Higher Muslim representation alone won’t address the minority’s mistrust of police.
Government has quickly descended into a mix of trifles, alibis and risk averseness.
Swaraj's message was clear: Delhi wants to depart from past practice of missing opportunities.
India’s silence on critical global issues fits poorly with its global aspirations.
An inefficient Delhi Jal Board will struggle to implement the AAP’s water policy
The inhabitants of Delhi are to be pitied — water availability and management in the city are in a shambles. Decades of mismanagement have turned the Delhi Jal Board (DJB) into an overstaffed and inefficient institution, which often does not have enough qualified personnel to achieve the tasks entrusted to it. The last chief minister’s constant complaint was that the DJB had 20,000 “unsackable” employees, but she did not make any attempt to restructure it. The DJB continues to have no long-term vision, no sound planning or implementation capacity. It has a revolving set of CEOs, mostly IAS officers with no knowledge of or expertise on how to run a large and complex utility. The average stint of a DJB CEO is around three years. They are never held accountable for the running of the DJB, unless it is for corruption.
Delhi’s water management has shown a steady deterioration over the decades. In 1960, Delhi and Singapore had similar water and wastewater management services. By 1985, Singapore had become one of the best cases of urban water management and Delhi’s service delivery had worsened. Just when many Delhi residents thought water services could not get any worse, the Aam Aadmi Party made an entrance. Its new diktat means that, over the next few years, water services for the city as a whole can only worsen. The AAP’s water policy was well known before it came to power. When Arvind Kejriwal broke his 15-day fast against high water and power bills last April, he announced that “up to 20,000 litres of free water for all will be available when the AAP comes to power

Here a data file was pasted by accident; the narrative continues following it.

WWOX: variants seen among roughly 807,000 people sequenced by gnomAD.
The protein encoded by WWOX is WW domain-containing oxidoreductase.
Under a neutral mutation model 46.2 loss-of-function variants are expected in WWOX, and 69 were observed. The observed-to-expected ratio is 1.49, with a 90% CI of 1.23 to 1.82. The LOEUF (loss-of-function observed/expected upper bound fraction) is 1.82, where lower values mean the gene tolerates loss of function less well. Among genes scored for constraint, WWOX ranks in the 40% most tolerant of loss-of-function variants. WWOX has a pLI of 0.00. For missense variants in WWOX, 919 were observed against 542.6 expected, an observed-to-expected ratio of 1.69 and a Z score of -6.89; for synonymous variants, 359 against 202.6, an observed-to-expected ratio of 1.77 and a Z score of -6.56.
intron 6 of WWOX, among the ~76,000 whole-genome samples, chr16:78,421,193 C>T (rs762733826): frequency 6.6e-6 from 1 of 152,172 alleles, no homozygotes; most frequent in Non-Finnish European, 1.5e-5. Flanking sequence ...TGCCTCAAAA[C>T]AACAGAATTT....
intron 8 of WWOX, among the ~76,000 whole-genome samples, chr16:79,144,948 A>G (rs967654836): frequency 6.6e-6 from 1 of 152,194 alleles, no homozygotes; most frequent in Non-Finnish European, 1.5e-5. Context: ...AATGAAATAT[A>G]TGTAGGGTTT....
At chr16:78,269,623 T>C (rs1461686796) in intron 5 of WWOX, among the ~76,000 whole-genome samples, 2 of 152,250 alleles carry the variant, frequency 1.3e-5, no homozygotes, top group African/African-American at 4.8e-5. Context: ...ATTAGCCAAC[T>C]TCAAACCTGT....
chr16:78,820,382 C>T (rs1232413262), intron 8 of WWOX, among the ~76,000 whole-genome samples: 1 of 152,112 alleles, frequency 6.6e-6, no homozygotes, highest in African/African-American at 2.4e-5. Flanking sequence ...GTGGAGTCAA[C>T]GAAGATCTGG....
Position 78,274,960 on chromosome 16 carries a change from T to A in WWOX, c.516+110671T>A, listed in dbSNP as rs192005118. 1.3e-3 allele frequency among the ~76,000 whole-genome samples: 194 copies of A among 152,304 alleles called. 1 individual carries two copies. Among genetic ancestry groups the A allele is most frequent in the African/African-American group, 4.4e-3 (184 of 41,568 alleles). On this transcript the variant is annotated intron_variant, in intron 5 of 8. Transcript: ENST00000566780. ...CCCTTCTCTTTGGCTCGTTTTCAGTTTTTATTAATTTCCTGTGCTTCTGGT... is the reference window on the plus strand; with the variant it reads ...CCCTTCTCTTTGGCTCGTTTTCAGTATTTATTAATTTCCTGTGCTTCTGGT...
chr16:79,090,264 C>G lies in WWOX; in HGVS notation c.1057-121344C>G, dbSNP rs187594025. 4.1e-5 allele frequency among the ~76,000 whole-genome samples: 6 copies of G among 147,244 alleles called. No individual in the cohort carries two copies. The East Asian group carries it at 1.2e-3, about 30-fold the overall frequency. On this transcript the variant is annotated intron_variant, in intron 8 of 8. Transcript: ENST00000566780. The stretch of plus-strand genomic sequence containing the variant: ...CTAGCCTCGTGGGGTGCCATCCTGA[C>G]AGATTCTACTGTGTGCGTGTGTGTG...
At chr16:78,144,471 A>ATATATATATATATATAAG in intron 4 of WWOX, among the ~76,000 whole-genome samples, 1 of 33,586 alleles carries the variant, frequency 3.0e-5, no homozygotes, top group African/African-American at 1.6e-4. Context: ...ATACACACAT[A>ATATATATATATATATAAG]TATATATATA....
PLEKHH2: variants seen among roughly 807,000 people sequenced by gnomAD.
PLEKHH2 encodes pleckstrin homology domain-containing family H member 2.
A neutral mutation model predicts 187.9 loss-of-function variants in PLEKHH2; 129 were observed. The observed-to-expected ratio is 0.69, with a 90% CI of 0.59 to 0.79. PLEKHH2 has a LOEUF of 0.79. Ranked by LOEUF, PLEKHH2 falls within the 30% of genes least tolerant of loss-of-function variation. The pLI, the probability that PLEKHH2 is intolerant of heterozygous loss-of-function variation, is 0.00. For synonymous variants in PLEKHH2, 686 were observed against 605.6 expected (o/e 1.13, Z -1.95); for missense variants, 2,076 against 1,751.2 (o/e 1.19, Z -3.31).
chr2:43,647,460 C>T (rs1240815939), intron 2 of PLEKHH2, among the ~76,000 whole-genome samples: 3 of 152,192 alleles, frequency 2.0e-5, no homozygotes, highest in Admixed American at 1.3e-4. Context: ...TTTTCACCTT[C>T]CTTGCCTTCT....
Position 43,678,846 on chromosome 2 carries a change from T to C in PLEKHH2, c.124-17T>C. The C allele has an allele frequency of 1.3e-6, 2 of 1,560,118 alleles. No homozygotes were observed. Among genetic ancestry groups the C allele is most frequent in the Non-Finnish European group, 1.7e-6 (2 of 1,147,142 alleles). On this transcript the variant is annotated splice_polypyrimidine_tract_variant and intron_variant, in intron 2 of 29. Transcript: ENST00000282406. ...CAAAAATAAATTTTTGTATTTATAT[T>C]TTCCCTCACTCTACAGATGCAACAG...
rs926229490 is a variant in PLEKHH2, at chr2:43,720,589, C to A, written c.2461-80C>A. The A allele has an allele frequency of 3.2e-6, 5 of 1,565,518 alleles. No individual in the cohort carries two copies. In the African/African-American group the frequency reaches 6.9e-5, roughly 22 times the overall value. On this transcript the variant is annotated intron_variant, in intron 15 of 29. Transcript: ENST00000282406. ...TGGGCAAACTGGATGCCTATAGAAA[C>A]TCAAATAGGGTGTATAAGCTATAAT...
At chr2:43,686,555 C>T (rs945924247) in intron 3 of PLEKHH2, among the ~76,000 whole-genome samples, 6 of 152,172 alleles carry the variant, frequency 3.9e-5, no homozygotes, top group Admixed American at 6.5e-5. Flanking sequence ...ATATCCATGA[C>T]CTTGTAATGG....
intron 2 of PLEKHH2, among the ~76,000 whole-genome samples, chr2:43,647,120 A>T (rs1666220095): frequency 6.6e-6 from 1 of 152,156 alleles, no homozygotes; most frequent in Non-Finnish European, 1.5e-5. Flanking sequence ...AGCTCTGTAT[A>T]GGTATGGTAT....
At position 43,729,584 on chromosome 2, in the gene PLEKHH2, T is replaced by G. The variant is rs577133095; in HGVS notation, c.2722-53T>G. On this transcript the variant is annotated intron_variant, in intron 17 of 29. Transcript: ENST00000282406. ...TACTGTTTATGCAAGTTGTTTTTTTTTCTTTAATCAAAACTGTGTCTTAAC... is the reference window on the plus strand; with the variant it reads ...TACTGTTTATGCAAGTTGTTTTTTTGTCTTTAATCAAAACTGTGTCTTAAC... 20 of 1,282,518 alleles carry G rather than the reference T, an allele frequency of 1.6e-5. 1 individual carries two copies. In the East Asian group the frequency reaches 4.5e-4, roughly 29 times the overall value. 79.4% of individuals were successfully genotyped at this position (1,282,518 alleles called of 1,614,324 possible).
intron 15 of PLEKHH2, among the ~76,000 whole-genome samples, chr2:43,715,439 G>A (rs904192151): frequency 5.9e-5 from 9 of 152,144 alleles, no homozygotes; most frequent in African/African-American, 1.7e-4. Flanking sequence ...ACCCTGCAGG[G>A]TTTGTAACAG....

The AAP’s policy appears to have been influenced by the South African experience. It uses some of the terms that could be found in the South African law that was passed in 1990, including “lifeline water”. But there are many differences between Delhi and South Africa. The South African law stipulated 6,000 litres of free basic water per household, that is, 25 litres per person per day. In addition, utilities like Rand Water, which supplies water to cities like Johannesburg, are light years ahead of the DJB in terms of efficiency, management practices and the quality of service delivery. Even then, millions of poor South Africans still go without their 20 litres of free clean water.
Let us examine the implementation aspects of 20,000 litres of free water per household. It means each household will receive about 670 litres of free water per day. First, we need to consider how much water is lost in the Delhi system because of losses, leakages and unauthorised connections, mainly facilitated by the corrupt practices of DJB staff. Sadly, the DJB has no clue about how much water it loses. We estimate that its current losses are 45-55 per cent. In contrast, Tokyo loses about 3.7 per cent, Las Vegas 4 per cent, Singapore 5 per cent and Phnom Penh 6.5 continued…